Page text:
I don’t think the array of teeny text on the cards has aged all that well, the horrible male gaze art definitely belongs in the past (my gosh, it’s even seedier than the video games it’s emulating), and it’s hard to teach Yomi’s array of unusual rules without sounding somewhat demented, but the game itself shines through all of this bad weather. It’s just a very strong design.
That said, it’s also crystal clear what Combo Fighter does better. It’s profoundly ironic, but Combo Fighter is actually a better example of “Yomi”, the intangible mind game of “predicting your opponent” that was coined by the designer of Yomi, David Sirlin.
In our video review we described Combo Fighter “as if Inception took place in an alley at 2am”; it’s a game where at least 5 of the 10 minutes that a round takes is spent inside of your opponent’s head. By contrast, in the actual game of Yomi both players are presented with a haystack of information and the complex hand management game that’s mostly hidden from your opponent, which means that while prediction is still part of the game, it’s harder for both players to derive satisfaction from the outcome. Did you actually out-think your opponent there? Or were they half-expecting to lose, instead choosing to play sub-optimal card so that they could keep building a straight? Where Combo Fighter creates a painful impact with each flip of a card, flipping two cards in Yomi creates a lot of reading and the question of whether the losing player wants to deploy a Joker for the Rewind Time feature.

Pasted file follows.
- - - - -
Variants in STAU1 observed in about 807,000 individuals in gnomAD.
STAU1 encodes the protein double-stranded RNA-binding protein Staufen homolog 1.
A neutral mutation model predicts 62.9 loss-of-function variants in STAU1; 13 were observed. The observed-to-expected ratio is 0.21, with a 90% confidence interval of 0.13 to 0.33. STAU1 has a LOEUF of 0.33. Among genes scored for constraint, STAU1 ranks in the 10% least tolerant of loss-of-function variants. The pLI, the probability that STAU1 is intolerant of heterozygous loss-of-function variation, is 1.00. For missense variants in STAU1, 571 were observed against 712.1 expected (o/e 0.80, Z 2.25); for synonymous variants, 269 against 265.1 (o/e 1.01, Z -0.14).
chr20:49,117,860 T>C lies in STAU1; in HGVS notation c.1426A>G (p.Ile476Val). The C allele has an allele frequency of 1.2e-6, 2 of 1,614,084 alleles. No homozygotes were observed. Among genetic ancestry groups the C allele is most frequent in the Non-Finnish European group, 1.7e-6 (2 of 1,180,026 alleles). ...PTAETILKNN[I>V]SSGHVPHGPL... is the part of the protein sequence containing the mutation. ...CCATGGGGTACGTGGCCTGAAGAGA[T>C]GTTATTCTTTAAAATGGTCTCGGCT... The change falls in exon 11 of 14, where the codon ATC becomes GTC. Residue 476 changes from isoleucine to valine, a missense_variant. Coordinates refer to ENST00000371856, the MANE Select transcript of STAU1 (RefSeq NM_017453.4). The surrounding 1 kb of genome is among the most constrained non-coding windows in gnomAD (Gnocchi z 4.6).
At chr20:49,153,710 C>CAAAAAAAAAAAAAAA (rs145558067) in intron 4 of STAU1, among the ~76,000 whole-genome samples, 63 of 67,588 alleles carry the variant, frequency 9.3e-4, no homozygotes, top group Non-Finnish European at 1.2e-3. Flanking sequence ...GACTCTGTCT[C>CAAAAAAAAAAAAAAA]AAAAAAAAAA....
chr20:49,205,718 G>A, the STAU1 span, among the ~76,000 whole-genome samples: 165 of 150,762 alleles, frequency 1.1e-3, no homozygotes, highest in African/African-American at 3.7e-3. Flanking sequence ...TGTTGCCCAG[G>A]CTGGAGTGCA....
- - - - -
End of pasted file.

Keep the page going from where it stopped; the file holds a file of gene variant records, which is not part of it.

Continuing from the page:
But as I say, overall I was very pleasantly surprised by Yomi, and I certainly wasn’t expecting our review of Combo Fighter to lead me to another great game!
That said, despite some similarities Combo Fighter and Yomi are meant for two very different audiences. Combo Fighter is a light bit of fun that I could teach to anybody. I also think it best captures the spirit of fighting games, which is an endless cycle of “What’s happening,” “Oh my gosh that was awesome,” “Oh crap I’ve lost”. It’s a AAA game for reasons of art, attitude and accessibility, and it’s the box that I’ll be keeping in my collection.
By contrast, Yomi is for people who like their games to have serious staying power. It’s for competitive folks who want to get down and dirty in a rich lil’ system, and it better simulates the technical complexity of fighting games. Where in Combo Fighter you’ll have figured out what makes two characters special within five minutes, in Yomi learning the fundamentals of two characters might take two hours. If you want a 1v1 game that’ll keep you and your roommate or partner scratching your head for months, I think you could do a lot worse than Yomi.
If you’re interested, Yomi appears to still be available from Sirlin’s own site, where you can also download Yomi as a free print’n’play (which you could totally stick onto a normal deck of cards!). It’s also available digitally on Steam and iOS, in case you’ve always wanted a fighting video game, in card game form, in video game form.
Now if you don’t mind, I’m heading off to sit in my office with the curtains drawn and my hands over my ears, so that I can ignore the small group of people telling me to try Exceed instead.